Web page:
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20 Nov 2017

Using the Digital to Engage Archival Radio Collections: A Panel and Workshop

By | 2017-11-21T14:01:14+00:00 Mon, Nov 20, 2017|

This panel and workshop, planned in conjunction with the 2017 Radio Preservation Task Force Conference, focused on innovative workflows for crowdsourcing linked data to build a web of data that can bridge collective heritage. Panelists discussed their work and research in crowdsourcing or linked open data for radio collections, followed by a Wikidata workshop demonstrating how it can be used to connect archival radio collections to a broader web-based community of knowledge.

13 Nov 2017

Music Encoding Conference

By | 2017-11-13T11:25:17+00:00 Mon, Nov 13, 2017|

The Music Encoding Conference is the annual focal point for the Music Encoding Initiative community (http://music-encoding.org). The 2018 conference is being hosted by MITH and the Michelle Smith Performing Arts Library between May 22 - 25. For the first time, the conference will have a theme: “Encoding and Performance.” Music encoding is a critical component

1 Nov 2017

Books.Files: New project to help scholars assess digital components of today’s bookmaking

By | 2017-11-02T11:10:45+00:00 Wed, Nov 1, 2017|Alerts, Research|

COLLEGE PARK, MD—The Maryland Institute for Technology in the Humanities at the University of Maryland and the Book Industry Study Group are pleased to announce Books.Files, a new project funded by The Andrew W. Mellon Foundation to assess the potential for the archival collection and scholarly study of digital assets associated with today’s trade publishing

31 Oct 2017

Walter Forsberg Digital Dialogue

By | 2017-11-09T12:31:35+00:00 Tue, Oct 31, 2017|Uncategorized|

Walter Forsberg, Media Archivist for the National Museum of African American History and Culture at the Smithsonian, will present an overview of the new museum’s audiovisual digitization programs and activities, in place since 2014. Forsberg will discuss how NMAAHC established digital file-management workflows, target specifications, equipment sourcing, and access platforms, alongside screenings of newly-digitized

17 Oct 2017

Elisa Beshero-Bondar Digital Dialogue

By | 2017-10-25T22:04:15+00:00 Tue, Oct 17, 2017|Uncategorized|

In this talk, I will introduce the collaboration of the Pittsburgh Bicentennial Frankenstein team with MITH to produce a new and authoritative digital edition of the 1818, 1823, and 1831 published texts of Frankenstein linked with the Shelley-Godwin Archive edition of Mary Shelley’s manuscript notebooks. We have been hard at work on the project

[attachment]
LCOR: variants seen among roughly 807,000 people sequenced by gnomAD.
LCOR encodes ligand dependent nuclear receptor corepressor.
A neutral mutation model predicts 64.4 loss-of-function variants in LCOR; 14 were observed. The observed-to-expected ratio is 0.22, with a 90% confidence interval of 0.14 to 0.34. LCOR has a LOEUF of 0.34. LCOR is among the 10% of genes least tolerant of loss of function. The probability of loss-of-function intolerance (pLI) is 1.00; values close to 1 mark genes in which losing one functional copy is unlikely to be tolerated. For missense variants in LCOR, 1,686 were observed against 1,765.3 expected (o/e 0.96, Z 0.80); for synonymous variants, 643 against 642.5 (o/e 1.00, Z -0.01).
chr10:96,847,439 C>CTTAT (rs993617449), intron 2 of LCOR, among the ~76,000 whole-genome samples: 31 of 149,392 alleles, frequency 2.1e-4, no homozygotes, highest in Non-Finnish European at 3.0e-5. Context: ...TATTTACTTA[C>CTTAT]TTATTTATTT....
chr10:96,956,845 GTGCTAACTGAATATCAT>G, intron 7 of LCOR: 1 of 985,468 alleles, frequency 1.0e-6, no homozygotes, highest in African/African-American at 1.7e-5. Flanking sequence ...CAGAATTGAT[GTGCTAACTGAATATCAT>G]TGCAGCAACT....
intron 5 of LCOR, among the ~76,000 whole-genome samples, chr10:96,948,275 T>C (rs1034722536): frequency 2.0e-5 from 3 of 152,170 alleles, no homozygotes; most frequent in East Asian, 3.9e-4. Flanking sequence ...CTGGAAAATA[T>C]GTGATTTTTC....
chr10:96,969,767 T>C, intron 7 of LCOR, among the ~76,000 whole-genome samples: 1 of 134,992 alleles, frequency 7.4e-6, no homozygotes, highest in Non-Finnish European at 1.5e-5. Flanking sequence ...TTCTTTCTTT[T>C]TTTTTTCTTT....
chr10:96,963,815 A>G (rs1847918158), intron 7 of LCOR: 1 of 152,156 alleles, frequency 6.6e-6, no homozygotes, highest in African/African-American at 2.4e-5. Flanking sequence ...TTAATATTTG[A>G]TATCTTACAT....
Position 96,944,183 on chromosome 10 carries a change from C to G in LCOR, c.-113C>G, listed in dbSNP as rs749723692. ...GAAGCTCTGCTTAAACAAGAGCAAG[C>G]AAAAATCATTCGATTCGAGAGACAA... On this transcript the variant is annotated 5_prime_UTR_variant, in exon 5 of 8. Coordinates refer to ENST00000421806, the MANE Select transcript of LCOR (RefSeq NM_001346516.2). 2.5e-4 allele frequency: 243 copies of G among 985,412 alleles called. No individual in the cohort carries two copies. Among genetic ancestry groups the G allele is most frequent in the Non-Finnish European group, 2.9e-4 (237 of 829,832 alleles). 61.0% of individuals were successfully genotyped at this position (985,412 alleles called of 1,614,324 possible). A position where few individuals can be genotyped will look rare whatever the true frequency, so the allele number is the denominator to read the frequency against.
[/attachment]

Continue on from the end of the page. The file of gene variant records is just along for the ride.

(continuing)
14 Mar 2017

Avery Dame Digital Dialogue

By | 2017-04-06T12:54:41+00:00 Tue, Mar 14, 2017|Uncategorized|

Digitization and online access are often presented as an important tool for making history, particularly those whose histories are rarely told, accessible to a broader audience. However, what happens to born-digital materials which can technically be accessed—but whose content and format may not be accessible in the contemporary media environment? In this presentation, I’ll

13 Mar 2017

The Transgender Usenet Archive

By | 2017-07-10T11:23:56+00:00 Mon, Mar 13, 2017|

2016-17 Winnemore Digital Dissertation Fellow Avery Dame spent his fellowship year building the Transgender Usenet Archive, a public archive of posts from five targeted Usenet newsgroups which grew in popularity during the 1990’s upswing in online discussion forums, in this case around groups which were central to the development of a transgender community.

27 Feb 2017

Citations: The Renaissance Imitation Mass (CRIM)

By | 2017-03-27T13:21:45+00:00 Mon, Feb 27, 2017|

Citations: The Renaissance Imitation Mass (CRIM) will extend the idea of the quotable text for music in an innovative and open way. The focal point of our inquiry is the so-called “imitation” Mass, a Renaissance musical genre notable for the ways in which its composers derived new, large-scale works from pre-existing ones.

25 Jan 2017

Tracking Changes With diffengine

By | 2017-02-05T21:13:44+00:00 Wed, Jan 25, 2017|Research|

Our most respected newspapers want their stories to be accurate because once the words are on paper, and the paper is in someone’s hands, there’s no changing them. The words are literally fixed in ink to the page, and mass produced into many copies that are pretty much impossible to recall. Reputations can rise and